November 1, 2017 – Jim Crow laws—which legalized racial discrimination in Southern U.S. states from the late 1870s through the mid-1960s—have been linked with negative health impacts. A new study led by Harvard Chan School’s Nancy Krieger, professor of social epidemiology, suggests that, among U.S. women currently diagnosed with breast cancer, being born in a Jim Crow state heightened black women’s risk of being diagnosed with tumors that have a worse prognosis.
What prompted you and your colleagues to undertake this study?
We undertook this study to re-insert history and societal context into the analysis of black versus white disparities in breast cancer mortality in the U.S. We focused on the breast cancer estrogen receptor (ER) because breast cancer ER status is a critical prognostic indicator for breast cancer treatment and survival. The vast majority—80% or higher—of women in the U.S. who are diagnosed with breast cancer among all racial/ethnic groups have ER-positive (ER+) tumors, which can be treated with hormonal medications, and these women have better survival rates than patients with ER-negative (ER-) tumors. However, the current prevalence of ER+ tumors is highest among women who are white and/or affluent, and some researchers have suggested that the higher risk for ER- tumors observed among black versus white women is primarily due to “racial” differences that are presumed to be genetic.
Yet this is an odd hypothesis when considered from the vantage point of evolutionary biology, which suggests that environmental influences could have played a role in the differences in breast cancer risk among black and white women. The ER has an exquisitely evolved sensitivity to different kinds of cues and is subject to epigenetic regulation. Whether the ER is turned on or off in a cell can be affected by changes in hormone levels, such as changes in levels due to pregnancy, to exposure to hormone therapy, or to exposure to environmental agents that act like the hormone estrogen.
Has any prior research looked at links between Jim Crow laws and health?
To date, only a handful of epidemiologic studies, including some I have led, have focused explicitly on the health impact of Jim Crow or its abolition, whether in relation to breast cancer or any other health outcome. Of note, although the geography of cancer mortality and incidence has been well-documented, no previous studies have investigated the association between exposure to Jim Crow and risk of cancer. Having previously done research showing that white versus black risk of having an ER+ tumor rose and fell with the rise and fall of hormone therapy, and also having conducted studies on the impact of the abolition of Jim Crow on U.S. black versus white disparities in infant mortality and premature mortality, I decided to look at associations between Jim Crow birthplace and breast cancer ER status.
The dearth of research on possible links between Jim Crow laws and health is surprising, for two reasons. First, Jim Crow can plausibly be hypothesized to be a major societal determinant of health, given how its legally codified system of white supremacy, bolstered by extrajudicial terror, exposed black Americans to noxious social, economic, and physical conditions, above and beyond the types of discrimination experienced in the non-Jim Crow states. Second, the abolition of Jim Crow was 50 years ago, during the time when most women currently diagnosed with breast cancer in the U.S. were children—meaning that Jim Crow laws could have had an impact on breast cancer cases we are seeing now, given the importance of early life exposures to risk of breast cancer and type of breast cancer.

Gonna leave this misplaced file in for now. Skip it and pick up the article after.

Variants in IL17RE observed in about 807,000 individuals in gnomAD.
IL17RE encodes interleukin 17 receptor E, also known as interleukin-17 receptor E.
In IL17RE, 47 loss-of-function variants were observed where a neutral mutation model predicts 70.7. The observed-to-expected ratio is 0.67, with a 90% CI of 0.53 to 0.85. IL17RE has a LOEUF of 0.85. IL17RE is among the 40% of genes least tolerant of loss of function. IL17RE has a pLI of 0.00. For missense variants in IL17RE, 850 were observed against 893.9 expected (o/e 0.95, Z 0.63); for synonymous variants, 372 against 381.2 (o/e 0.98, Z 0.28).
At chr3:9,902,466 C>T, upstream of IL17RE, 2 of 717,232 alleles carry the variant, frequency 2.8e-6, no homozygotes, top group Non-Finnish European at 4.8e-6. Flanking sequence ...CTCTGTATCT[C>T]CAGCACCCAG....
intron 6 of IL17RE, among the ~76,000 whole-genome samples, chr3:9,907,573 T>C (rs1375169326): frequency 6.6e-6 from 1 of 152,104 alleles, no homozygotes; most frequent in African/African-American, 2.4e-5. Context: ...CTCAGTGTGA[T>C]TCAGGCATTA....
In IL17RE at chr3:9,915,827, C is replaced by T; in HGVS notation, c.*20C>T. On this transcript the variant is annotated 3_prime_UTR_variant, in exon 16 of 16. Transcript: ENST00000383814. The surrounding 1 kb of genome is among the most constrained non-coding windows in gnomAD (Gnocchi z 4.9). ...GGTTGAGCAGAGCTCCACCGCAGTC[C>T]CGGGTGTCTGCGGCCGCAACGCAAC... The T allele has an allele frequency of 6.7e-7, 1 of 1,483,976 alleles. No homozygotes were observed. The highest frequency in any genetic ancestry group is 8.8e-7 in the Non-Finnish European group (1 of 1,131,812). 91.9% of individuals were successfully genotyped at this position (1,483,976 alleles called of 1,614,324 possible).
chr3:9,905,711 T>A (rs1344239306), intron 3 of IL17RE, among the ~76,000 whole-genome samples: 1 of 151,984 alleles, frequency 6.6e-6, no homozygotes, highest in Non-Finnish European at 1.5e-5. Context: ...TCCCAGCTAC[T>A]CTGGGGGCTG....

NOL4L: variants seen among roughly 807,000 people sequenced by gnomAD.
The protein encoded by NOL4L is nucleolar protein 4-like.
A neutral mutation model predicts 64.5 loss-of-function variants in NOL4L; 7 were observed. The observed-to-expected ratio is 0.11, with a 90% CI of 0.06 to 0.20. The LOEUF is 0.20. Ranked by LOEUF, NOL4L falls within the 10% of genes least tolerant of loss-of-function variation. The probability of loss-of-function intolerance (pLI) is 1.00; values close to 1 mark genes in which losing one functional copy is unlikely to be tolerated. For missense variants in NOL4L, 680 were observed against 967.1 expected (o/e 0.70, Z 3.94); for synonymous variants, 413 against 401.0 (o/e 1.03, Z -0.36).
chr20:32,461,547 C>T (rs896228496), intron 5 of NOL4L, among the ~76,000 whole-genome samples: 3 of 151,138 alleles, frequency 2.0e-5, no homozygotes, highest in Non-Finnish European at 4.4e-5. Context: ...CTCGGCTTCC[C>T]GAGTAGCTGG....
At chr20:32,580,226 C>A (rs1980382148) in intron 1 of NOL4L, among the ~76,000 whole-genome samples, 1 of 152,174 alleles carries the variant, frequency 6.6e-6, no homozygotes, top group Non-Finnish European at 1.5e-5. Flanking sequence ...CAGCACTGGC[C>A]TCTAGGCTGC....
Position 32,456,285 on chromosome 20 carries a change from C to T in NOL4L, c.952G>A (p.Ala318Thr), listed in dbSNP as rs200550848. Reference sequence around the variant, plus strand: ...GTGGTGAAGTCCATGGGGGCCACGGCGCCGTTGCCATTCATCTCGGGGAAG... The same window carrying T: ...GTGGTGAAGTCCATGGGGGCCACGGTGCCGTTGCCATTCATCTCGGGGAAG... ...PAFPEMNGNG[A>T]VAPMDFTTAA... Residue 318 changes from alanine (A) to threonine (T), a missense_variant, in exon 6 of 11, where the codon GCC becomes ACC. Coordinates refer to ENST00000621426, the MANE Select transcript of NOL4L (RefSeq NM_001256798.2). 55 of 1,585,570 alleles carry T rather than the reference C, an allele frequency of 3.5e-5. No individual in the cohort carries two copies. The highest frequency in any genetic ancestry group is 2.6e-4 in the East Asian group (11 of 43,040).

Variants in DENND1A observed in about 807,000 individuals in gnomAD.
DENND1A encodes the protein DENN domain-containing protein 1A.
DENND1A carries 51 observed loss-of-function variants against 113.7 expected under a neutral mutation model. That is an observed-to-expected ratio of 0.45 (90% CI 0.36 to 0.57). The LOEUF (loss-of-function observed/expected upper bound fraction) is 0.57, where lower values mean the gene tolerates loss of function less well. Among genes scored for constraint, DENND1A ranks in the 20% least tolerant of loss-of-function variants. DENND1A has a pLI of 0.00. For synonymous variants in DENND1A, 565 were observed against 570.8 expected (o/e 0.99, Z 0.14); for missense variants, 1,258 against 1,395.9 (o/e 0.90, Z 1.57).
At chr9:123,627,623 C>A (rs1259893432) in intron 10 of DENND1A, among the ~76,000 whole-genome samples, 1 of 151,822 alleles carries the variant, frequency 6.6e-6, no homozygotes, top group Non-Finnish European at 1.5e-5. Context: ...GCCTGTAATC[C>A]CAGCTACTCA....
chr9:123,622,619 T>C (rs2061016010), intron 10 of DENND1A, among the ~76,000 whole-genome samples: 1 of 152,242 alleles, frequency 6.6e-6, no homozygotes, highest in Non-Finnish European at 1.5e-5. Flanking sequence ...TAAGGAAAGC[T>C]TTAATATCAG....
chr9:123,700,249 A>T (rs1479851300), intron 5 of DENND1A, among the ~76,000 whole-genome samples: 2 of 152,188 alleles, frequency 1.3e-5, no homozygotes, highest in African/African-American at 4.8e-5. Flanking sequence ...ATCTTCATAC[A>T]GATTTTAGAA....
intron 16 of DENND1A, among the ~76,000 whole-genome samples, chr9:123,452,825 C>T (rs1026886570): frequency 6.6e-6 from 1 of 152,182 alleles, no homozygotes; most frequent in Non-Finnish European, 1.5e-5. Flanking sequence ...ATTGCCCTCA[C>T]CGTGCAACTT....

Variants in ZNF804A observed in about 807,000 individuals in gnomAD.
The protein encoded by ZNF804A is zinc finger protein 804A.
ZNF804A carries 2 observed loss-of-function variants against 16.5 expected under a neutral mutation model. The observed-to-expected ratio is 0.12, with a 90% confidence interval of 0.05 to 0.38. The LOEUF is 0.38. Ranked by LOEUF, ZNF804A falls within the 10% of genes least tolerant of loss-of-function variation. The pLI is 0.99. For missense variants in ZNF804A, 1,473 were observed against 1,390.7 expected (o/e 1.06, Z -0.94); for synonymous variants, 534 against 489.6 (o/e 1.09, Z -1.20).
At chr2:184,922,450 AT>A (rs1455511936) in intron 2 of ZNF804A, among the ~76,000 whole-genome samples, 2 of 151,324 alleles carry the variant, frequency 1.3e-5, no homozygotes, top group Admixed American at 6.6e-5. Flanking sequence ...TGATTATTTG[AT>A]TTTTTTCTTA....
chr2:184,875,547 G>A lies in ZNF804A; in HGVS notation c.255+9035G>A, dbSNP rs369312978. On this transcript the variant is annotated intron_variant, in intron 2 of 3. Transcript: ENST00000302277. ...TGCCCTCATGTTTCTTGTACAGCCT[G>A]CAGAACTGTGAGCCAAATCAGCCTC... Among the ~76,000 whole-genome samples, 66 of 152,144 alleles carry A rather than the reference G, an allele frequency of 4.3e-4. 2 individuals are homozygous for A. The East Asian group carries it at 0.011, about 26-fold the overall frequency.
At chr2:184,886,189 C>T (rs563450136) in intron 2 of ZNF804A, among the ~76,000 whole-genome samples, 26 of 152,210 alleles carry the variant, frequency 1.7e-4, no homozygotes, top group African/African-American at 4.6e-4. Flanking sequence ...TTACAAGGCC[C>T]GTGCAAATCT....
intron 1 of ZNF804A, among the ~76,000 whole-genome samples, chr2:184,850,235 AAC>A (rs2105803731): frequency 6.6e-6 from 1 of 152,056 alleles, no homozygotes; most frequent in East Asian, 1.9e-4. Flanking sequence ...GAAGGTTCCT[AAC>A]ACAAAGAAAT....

What were the study’s major findings?
Our study provides novel data on the pace of change of breast cancer ER status at the time of diagnosis among contemporary U.S.-born black and white women. We analyzed changes in ER status in relation to Jim Crow birthplace among the 46,417 black and 339,830 white U.S.-born non-Hispanic women in the National Cancer Institute’s 13 SEER (Surveillance, Epidemiology, and End Results) Registry Group who were born between 1915-1979 and diagnosed, from age 25-84, between 1992-2012.
Key findings were that, among the women diagnosed before age 55, the percentage of ER+ cases rose among each four-year birth cohort—from the 1915-1919 cohort to the 1975-1979 cohort—and that the percentage increase in ER+ tumors was greater for the black versus white women. Further, among black women, the increase in the percentage of ER+ tumors was greatest for those born in the Jim Crow states versus those born in the non-Jim Crow states. These results imply that Jim Crow contributed to the higher percentage of ER- tumors among black women, and its abolition led to a rise in the percentage of tumors that were ER+ and to markedly reducing the black versus white gap in ER+ tumors. The rapid change in the percent of ER+ tumors we observed among the black women, especially among those born in Jim Crow states, and the shrinkage of the black excess risk of ER- tumors, can plausibly be driven only by non-genetic factors despite emphasis in the literature on genetic contributions to black versus white risk of ER- breast tumors.
Our study’s analytic approach and findings underscore the need to consider history and societal context when analyzing breast cancer ER status and racial/ethnic inequities in its distribution.